Look me in the eyes and tell me this doesn’t sound like an Olsen Twins movie that would have aired on FOX Family in 1998. A young girl (or as it would be, twins), is trained in her childhood to be an assassin (it would be spies for the Olsen Twins), but one day, when she tires of the excessive sheltering, hard work and mental detriment her way of life causes, she fakes her own death to go live as a normal girl and experience suburban high school as she saw it in the movies. The only difference here is that we only have one girl, and the film is outfitted with a hard PG-13 rating to pull teenage audiences in who think they’re getting something slightly edgy on their level, no TV-G rating this time around. “Barely Lethal” is an Olsen Twins movie on steroids, warts and all, take that as you will.
Perhaps it was from the trailers, but I expected something a bit less lighthearted than the film shown here, apart from the occasional sex joke, a few usages of the word “shit” and references to marijuana.What we have here is nothing more than a Disney Channel original movie, down to the pacing and visual effects, the film seems direct from cable. Hailee Steinfeld is perky and likable as Megan Walsh, a teenage girl who escapes her assassin ring of young girls to experience high school as she’s seen it on TV. Steinfeld hasn’t yet done anything substantial since her Oscar-nominated performance in “True Grit” other than her role in the recent “Pitch Perfect 2.” She’s fine here, but she’s playing nothing more than a thinly veiled cartoon of a teenage girl, nothing substantial or powerful enough to engage in. Samuel L. Jackson and Jessica Alba have supporting roles in this film, and in each scene, the glimmer of their paycheck looms in their eyes, as the day looms closer and closer to when they don’t have to be a part of this film anymore.
The rest of the characters you’ve seen before, in every teen movie, Disney Channel movie and ABC Family movie ever made, they are the most basic clichés of the teen movie genre, from the mean girl who warms up in the end, to the douchebag boy with a heart of gold, the geeky boy who has a secret crush on the main girl and so on. It’s hard to really call them characters when what they really are are just outlines of more carefully written characters. The only twist this time around is that our protagonist is an assassin. Where is Hilary Duff when we need her? (Answer: Making mediocre music)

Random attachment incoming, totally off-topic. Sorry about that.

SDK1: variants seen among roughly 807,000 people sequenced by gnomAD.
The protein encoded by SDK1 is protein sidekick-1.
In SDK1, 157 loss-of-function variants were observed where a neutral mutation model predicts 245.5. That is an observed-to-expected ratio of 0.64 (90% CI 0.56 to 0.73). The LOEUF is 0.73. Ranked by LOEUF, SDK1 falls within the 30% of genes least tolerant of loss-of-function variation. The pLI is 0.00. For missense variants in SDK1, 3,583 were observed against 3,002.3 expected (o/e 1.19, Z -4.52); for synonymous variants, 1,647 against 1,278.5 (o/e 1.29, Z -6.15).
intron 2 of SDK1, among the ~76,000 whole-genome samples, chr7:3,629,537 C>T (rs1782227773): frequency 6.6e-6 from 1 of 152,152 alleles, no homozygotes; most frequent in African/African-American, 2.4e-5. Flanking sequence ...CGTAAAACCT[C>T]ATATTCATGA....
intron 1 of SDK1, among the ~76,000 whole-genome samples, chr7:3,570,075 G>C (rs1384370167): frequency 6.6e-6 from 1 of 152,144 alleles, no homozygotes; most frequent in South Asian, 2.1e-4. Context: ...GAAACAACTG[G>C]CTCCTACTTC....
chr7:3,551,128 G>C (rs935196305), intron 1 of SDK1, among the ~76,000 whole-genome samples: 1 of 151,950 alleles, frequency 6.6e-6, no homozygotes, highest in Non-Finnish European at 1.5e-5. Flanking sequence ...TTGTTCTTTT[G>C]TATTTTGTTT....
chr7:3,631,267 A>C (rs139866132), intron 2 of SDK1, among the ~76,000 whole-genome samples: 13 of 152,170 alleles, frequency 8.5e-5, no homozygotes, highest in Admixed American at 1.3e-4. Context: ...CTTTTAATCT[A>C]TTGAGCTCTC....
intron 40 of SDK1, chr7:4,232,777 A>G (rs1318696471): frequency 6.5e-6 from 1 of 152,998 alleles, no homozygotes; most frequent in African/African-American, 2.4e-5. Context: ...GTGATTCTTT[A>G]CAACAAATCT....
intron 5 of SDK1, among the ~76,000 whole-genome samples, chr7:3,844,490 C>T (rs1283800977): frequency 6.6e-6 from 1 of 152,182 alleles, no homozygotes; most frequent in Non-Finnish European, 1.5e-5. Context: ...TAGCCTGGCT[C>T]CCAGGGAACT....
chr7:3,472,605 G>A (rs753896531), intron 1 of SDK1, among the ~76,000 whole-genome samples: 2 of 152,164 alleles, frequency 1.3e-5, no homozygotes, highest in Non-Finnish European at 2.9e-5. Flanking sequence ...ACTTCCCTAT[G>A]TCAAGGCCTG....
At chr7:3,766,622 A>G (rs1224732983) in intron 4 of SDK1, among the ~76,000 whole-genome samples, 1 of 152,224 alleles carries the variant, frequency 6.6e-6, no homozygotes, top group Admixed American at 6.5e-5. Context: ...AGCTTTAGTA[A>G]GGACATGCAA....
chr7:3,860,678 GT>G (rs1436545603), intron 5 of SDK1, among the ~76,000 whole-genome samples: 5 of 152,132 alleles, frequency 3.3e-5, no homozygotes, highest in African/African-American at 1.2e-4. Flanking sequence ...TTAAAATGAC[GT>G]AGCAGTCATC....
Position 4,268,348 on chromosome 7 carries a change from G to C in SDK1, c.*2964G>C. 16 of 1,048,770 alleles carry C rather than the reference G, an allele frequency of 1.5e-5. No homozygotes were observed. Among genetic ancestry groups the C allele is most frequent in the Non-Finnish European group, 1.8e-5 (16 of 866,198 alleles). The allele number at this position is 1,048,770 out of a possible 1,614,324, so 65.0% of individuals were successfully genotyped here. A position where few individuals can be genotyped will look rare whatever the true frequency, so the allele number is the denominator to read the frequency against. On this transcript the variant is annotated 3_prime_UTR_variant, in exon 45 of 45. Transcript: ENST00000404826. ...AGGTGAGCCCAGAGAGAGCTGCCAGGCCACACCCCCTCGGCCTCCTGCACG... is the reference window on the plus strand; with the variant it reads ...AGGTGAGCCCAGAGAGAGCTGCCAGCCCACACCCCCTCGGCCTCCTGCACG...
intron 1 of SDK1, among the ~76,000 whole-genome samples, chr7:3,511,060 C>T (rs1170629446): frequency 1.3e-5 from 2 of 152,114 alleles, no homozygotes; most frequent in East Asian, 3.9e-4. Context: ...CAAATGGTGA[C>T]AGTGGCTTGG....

“Barely Lethal” seems like a film I would like when I was in elementary school, here’s the thing, this movie isn’t made for elementary school children, it’s made for middle/high school kids. Yet, “Barely Lethal” plays much more like a basic cable family movie, but with jokes that simply wouldn’t fly for a basic cable movie. The direction, script and acting all seem like they’re reaching for the heads of children, but the weed references, teen drinking and dick jokes seem to be reaching more for the minds of high schoolers, which means the film has basically no audience to enjoy it.
The producer of this film, John Cheng, tweeted earlier today that “Barely Lethal” is “Fun for the entire family,” yet I can’t imagine an entire family really liking it. Your eight year old sister is going to enjoy how much pink there is in the opening credits, your 12 year old brother is going to appreciate Steinfeld, your dad is going to enjoy Alba, your mom is gonna laugh at the unfunny jokes, and you’re probably just gonna wish the best for Jackson. When you put these elements of your family together, “Barely Lethal” still doesn’t turn into a cohesive experience. I’m surprised the film got picked up for theatrical distribution rather than appearing straight-to-video, as seen by the production values, but I guess in this day and age, a simultaneous theatre/VOD release is just as bad, I should’ve seen this one coming from its perverted title in itself.
Directed by: Kyle Newman
Starring: Hailee Steinfeld, Thomas Mann, Sophie Turner, Dove Cameron, Toby Sebastian, Gabriel Basso, with Jessica Alba and Samuel L. Jackson.
Runtime: 99 minutes
Rating: PG-13 for sexual material, teen drinking, language, drug references and some action violence.
Available in select theatres and video-on-demand.
A24/Main Street Films presents, an RKO Pictures/RatPac Entertainment production, in association with Hopscotch Pictures and 120DB Films, in association with Highland Film Group/Windowseat Pictures, a Kyle Newman film, “Barely Lethal”